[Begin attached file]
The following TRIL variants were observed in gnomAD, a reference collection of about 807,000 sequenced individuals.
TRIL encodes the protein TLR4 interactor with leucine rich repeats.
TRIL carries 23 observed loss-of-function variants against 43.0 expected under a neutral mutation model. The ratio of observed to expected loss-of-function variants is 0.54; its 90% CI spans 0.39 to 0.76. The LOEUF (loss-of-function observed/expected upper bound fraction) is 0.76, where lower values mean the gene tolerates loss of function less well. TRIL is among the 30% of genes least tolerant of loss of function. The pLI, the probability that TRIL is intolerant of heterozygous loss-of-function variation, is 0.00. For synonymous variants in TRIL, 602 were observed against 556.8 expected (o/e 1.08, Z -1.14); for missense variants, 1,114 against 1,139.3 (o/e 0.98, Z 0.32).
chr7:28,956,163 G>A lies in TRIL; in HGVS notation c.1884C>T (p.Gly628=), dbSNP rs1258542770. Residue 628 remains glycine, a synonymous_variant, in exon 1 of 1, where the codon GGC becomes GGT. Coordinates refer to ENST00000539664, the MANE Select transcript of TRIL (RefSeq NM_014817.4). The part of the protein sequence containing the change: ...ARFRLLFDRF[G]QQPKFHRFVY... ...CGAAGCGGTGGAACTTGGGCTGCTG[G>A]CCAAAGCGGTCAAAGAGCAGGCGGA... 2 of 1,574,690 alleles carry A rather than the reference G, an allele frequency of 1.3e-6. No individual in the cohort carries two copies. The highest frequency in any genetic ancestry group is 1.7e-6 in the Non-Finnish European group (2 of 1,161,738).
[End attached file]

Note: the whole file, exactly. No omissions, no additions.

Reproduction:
The following TRIL variants were observed in gnomAD, a reference collection of about 807,000 sequenced individuals.
TRIL encodes the protein TLR4 interactor with leucine rich repeats.
TRIL carries 23 observed loss-of-function variants against 43.0 expected under a neutral mutation model. The ratio of observed to expected loss-of-function variants is 0.54; its 90% CI spans 0.39 to 0.76. The LOEUF (loss-of-function observed/expected upper bound fraction) is 0.76, where lower values mean the gene tolerates loss of function less well. TRIL is among the 30% of genes least tolerant of loss of function. The pLI, the probability that TRIL is intolerant of heterozygous loss-of-function variation, is 0.00. For synonymous variants in TRIL, 602 were observed against 556.8 expected (o/e 1.08, Z -1.14); for missense variants, 1,114 against 1,139.3 (o/e 0.98, Z 0.32).
chr7:28,956,163 G>A lies in TRIL; in HGVS notation c.1884C>T (p.Gly628=), dbSNP rs1258542770. Residue 628 remains glycine, a synonymous_variant, in exon 1 of 1, where the codon GGC becomes GGT. Coordinates refer to ENST00000539664, the MANE Select transcript of TRIL (RefSeq NM_014817.4). The part of the protein sequence containing the change: ...ARFRLLFDRF[G]QQPKFHRFVY... ...CGAAGCGGTGGAACTTGGGCTGCTG[G>A]CCAAAGCGGTCAAAGAGCAGGCGGA... 2 of 1,574,690 alleles carry A rather than the reference G, an allele frequency of 1.3e-6. No individual in the cohort carries two copies. The highest frequency in any genetic ancestry group is 1.7e-6 in the Non-Finnish European group (2 of 1,161,738).